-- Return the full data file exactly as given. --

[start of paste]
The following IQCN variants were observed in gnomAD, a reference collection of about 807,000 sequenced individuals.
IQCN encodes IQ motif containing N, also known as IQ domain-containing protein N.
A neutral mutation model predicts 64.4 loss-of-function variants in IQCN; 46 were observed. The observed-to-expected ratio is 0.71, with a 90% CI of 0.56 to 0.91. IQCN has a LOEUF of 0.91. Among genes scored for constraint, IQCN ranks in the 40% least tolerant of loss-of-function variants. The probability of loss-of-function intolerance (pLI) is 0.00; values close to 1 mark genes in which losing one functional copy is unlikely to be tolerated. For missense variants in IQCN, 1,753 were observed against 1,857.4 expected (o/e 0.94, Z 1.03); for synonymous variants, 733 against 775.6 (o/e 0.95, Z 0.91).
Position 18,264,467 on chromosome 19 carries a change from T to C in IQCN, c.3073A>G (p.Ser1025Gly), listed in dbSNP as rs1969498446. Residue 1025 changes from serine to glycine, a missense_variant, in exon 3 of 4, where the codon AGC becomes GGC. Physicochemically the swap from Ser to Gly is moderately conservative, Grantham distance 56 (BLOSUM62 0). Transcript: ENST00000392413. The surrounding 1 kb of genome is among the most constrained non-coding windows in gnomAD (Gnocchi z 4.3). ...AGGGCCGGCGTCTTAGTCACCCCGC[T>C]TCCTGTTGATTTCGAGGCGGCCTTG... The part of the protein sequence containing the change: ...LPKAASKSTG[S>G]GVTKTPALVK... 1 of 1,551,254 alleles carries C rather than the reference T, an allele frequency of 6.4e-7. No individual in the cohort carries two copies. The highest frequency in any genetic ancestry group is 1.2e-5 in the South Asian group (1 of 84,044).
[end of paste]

The following IQCN variants were observed in gnomAD, a reference collection of about 807,000 sequenced individuals.
IQCN encodes IQ motif containing N, also known as IQ domain-containing protein N.
A neutral mutation model predicts 64.4 loss-of-function variants in IQCN; 46 were observed. The observed-to-expected ratio is 0.71, with a 90% CI of 0.56 to 0.91. IQCN has a LOEUF of 0.91. Among genes scored for constraint, IQCN ranks in the 40% least tolerant of loss-of-function variants. The probability of loss-of-function intolerance (pLI) is 0.00; values close to 1 mark genes in which losing one functional copy is unlikely to be tolerated. For missense variants in IQCN, 1,753 were observed against 1,857.4 expected (o/e 0.94, Z 1.03); for synonymous variants, 733 against 775.6 (o/e 0.95, Z 0.91).
Position 18,264,467 on chromosome 19 carries a change from T to C in IQCN, c.3073A>G (p.Ser1025Gly), listed in dbSNP as rs1969498446. Residue 1025 changes from serine to glycine, a missense_variant, in exon 3 of 4, where the codon AGC becomes GGC. Physicochemically the swap from Ser to Gly is moderately conservative, Grantham distance 56 (BLOSUM62 0). Transcript: ENST00000392413. The surrounding 1 kb of genome is among the most constrained non-coding windows in gnomAD (Gnocchi z 4.3). ...AGGGCCGGCGTCTTAGTCACCCCGC[T>C]TCCTGTTGATTTCGAGGCGGCCTTG... The part of the protein sequence containing the change: ...LPKAASKSTG[S>G]GVTKTPALVK... 1 of 1,551,254 alleles carries C rather than the reference T, an allele frequency of 6.4e-7. No individual in the cohort carries two copies. The highest frequency in any genetic ancestry group is 1.2e-5 in the South Asian group (1 of 84,044).